Four days spent in a fabulous, beautiful river valley.  Four days spent walking miles, clambering up and down banks and struggling to catch fish. Two days of baking, oppressive heat followed by a day of persistent, invading rain.  Then a day when it all came right, the weather was comfortable, the fishing was good and it was almost perfect, in the end it had been the rain that saved us.  Will I leave it so long between Barbel trips in the future?  Definitely not, it’s my kind of fishing in my kind of place.  Will I enjoy any subsequent days more than this one? 

Monday 13 June 2022

Plan C

Saturday came around again and I looked forward to sitting comfortably behind a tripod once more.  The lure fishing had been an interesting diversion which will be repeated but I do prefer relaxing behind rods.  With high tide scheduled for around 2200 it meant I had a lazy day apart from a couple of odd jobs and a TMS soundtrack which helped move the hands of the clock.  Rain brought an early tea with NZ on top so with no cricket on the radio and it was a good time to hit the road.

I had a destination in mind but when I got there the car park looked busy, no matter I continued to plan B which is near by, basically another way of getting to the same place but this one was even worse.  Trying to find a space in either would be more hassle than I could be arsed with.  What should I do?  In the end I went for plan C, back to the steep beach.  Here I managed to find a bit of space but there were anglers coming and going all night, at one point I could see over twenty spaced out along a couple of miles either side of me.  People tend to keep to themselves, there is plenty of room and rarely any disagreements but the ambiance was spoilt somewhat.  By 1630 I was sitting comfortably staring up at two rod tips framed by sky blue.  The day was bright with a moderate south westerly, the sea was a bit lumpy and looked murky.  There was also a fair amount of weed drifting around which was bound to be a pain at times but I was there, doing what I’ve grown to love.

Three hours later, I was blasted by a wind that was coming from an unexpected direction, not the westerly I’d been promised, the crabs had been feasting and stripping hooks but at least the amount of floating weed had decreased and I hadn’t seen a sign of a bite.  Still I was content because anglers either side of me weren’t winding them in either and I know the best time was yet to come.  As usual I used a heavy rod blasted out and a lighter rod which I varied, in other words the methods that usually work but tonight they weren’t.  More time passed, the tide reached its highest, the sky grew dusky and an angler close by caught a small Ray but still my rod tips hadn’t registered anything overtly fishy.  As usual the wind died away at dusk and the evening became suddenly warmer.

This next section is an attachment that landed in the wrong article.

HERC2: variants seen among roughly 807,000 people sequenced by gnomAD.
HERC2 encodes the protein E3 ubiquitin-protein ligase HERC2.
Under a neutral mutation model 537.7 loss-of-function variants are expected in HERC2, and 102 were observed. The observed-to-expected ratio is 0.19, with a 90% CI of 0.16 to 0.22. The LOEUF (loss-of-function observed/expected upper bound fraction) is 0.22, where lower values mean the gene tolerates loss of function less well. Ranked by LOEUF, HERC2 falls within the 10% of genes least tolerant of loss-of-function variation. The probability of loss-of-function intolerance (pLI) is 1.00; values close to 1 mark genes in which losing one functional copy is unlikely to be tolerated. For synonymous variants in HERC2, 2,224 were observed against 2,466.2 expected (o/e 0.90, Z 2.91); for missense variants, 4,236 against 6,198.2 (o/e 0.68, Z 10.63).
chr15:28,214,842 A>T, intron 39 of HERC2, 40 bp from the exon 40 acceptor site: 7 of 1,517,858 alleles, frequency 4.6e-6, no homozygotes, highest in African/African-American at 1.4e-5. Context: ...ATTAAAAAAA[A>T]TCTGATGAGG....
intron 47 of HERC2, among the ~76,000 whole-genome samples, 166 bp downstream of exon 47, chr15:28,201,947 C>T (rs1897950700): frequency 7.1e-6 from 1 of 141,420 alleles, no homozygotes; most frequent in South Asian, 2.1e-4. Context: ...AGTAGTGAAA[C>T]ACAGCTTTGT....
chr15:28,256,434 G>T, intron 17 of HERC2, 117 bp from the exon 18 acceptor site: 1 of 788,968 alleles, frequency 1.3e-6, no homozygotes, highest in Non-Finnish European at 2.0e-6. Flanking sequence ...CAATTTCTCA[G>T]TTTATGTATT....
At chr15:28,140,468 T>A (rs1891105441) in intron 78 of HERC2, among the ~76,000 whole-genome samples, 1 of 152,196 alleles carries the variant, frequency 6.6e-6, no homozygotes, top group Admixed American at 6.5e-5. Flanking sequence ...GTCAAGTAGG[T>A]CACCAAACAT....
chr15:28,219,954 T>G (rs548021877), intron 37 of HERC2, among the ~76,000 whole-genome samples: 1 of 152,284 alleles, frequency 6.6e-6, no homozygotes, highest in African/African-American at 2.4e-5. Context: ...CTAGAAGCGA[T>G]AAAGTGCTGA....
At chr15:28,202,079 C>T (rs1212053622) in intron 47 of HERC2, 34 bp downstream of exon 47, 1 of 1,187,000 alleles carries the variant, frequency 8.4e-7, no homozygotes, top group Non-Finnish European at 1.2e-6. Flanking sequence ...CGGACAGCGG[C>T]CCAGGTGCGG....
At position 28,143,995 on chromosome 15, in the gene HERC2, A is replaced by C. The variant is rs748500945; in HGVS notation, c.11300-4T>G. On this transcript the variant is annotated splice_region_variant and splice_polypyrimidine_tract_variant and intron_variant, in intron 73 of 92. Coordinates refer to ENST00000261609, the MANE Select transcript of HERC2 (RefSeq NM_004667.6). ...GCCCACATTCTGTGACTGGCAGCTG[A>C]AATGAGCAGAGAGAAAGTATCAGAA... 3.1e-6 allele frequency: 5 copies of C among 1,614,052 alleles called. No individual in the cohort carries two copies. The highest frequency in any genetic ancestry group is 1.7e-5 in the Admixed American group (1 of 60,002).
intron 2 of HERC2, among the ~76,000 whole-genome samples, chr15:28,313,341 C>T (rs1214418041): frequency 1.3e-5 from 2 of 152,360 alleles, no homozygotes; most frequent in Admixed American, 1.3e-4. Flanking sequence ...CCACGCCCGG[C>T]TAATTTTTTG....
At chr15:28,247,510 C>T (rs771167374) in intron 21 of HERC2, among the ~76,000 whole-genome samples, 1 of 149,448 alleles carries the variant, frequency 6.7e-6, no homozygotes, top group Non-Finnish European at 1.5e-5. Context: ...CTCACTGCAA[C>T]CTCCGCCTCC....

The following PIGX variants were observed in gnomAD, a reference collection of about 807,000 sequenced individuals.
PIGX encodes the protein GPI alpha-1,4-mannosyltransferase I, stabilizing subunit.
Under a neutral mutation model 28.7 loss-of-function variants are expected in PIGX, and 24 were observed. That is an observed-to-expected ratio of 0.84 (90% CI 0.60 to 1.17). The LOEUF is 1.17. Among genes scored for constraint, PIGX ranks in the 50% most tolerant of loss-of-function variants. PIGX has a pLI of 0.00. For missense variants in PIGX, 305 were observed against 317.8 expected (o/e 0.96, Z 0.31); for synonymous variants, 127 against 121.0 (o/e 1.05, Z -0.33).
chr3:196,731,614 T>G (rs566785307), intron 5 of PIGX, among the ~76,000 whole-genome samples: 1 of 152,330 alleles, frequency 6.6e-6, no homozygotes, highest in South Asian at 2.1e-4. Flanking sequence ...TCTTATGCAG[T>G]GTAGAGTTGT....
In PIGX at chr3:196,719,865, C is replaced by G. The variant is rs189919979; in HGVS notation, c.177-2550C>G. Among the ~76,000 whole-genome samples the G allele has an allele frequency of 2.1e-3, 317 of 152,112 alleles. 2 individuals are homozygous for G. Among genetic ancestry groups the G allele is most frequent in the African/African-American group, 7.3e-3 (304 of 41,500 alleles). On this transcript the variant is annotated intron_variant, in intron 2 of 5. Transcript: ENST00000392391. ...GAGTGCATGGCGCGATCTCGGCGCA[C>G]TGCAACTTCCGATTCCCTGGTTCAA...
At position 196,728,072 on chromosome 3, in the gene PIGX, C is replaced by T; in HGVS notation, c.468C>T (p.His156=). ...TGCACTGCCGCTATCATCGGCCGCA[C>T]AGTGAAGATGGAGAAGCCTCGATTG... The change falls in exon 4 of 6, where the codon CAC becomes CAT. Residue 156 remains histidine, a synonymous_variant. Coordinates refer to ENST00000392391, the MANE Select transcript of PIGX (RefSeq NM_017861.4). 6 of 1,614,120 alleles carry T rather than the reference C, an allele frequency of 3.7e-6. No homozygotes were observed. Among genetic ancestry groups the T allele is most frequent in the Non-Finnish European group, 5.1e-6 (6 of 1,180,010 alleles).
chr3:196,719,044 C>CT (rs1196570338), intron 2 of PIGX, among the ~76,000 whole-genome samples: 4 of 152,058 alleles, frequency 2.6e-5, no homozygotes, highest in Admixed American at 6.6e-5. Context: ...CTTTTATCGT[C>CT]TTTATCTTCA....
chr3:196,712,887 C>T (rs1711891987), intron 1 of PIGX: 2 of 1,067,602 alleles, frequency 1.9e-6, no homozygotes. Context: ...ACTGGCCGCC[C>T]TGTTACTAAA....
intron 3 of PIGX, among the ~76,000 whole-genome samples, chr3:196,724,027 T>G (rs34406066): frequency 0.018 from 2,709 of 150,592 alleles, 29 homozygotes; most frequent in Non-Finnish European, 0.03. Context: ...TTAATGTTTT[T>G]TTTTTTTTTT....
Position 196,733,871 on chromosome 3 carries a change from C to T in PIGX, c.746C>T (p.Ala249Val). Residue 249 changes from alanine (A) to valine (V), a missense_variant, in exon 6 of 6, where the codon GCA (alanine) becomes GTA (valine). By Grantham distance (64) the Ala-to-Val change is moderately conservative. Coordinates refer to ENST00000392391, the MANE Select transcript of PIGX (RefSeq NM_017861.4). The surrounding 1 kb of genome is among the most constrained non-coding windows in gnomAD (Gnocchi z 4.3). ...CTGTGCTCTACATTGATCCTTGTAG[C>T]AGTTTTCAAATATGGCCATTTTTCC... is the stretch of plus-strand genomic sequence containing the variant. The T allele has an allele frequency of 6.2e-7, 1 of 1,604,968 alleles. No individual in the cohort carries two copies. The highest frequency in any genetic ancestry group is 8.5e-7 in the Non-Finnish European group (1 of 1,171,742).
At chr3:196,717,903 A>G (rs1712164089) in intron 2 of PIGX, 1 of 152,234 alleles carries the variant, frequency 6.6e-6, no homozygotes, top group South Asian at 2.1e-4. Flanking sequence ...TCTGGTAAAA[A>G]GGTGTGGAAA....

Head torch time and by now the sea was going backwards, will the darkness make any difference?  I chucked out a lump of bluey intending to only leave it a few minutes while I whipped up another disgusting squid/crab sushi nightmare.  Then it happened… Rat a tat tat followed by a slow steady pull.  I was on my feet and attached to something with a bit of weight which allowed me to haul it back.  After a bit of tugging in the surf I pulled it up the beach, my first Ray of the year!  It was just a small one but that didn’t matter, it was one of the sea creatures that motivate me most and was a little beauty.  Blank avoided, confidence restored there was time for another one.  I fished on for another hour then suddenly felt fatigued, time to get home to a comfortable bed.

It’s mid June now so I suppose spring has now become summer.  My diary reveals I’ve fished ten times in the brine this year catching over sixty fish of nine different species.  It feels like I’m starting to get amongst the more interesting fish even if they are only small ones so far but the next time I fish I’ll be doing something completely different. 

Wednesday 8 June 2022

Casting and hoping

The week ticked past again but things didn’t look good for an evening on the beach; high tide was due in the middle of the afternoon but this alone wouldn’t have put us off, a fresh north easterly blowing straight into our chops was the clincher.  To be honest I was tempted to just go anyway but in the end Giles and I came up with another plan, we’d fish an estuary for Bass.  But this also had its problems as our ‘secret spot’ would be getting the full force of the wind too and when I say secret spot I actually mean only spot.  This was something we needed to change and we also had another big box unticked, neither of us had ever caught a Bass on a lure, maybe fishing mobile we could put this right and find other places to fish?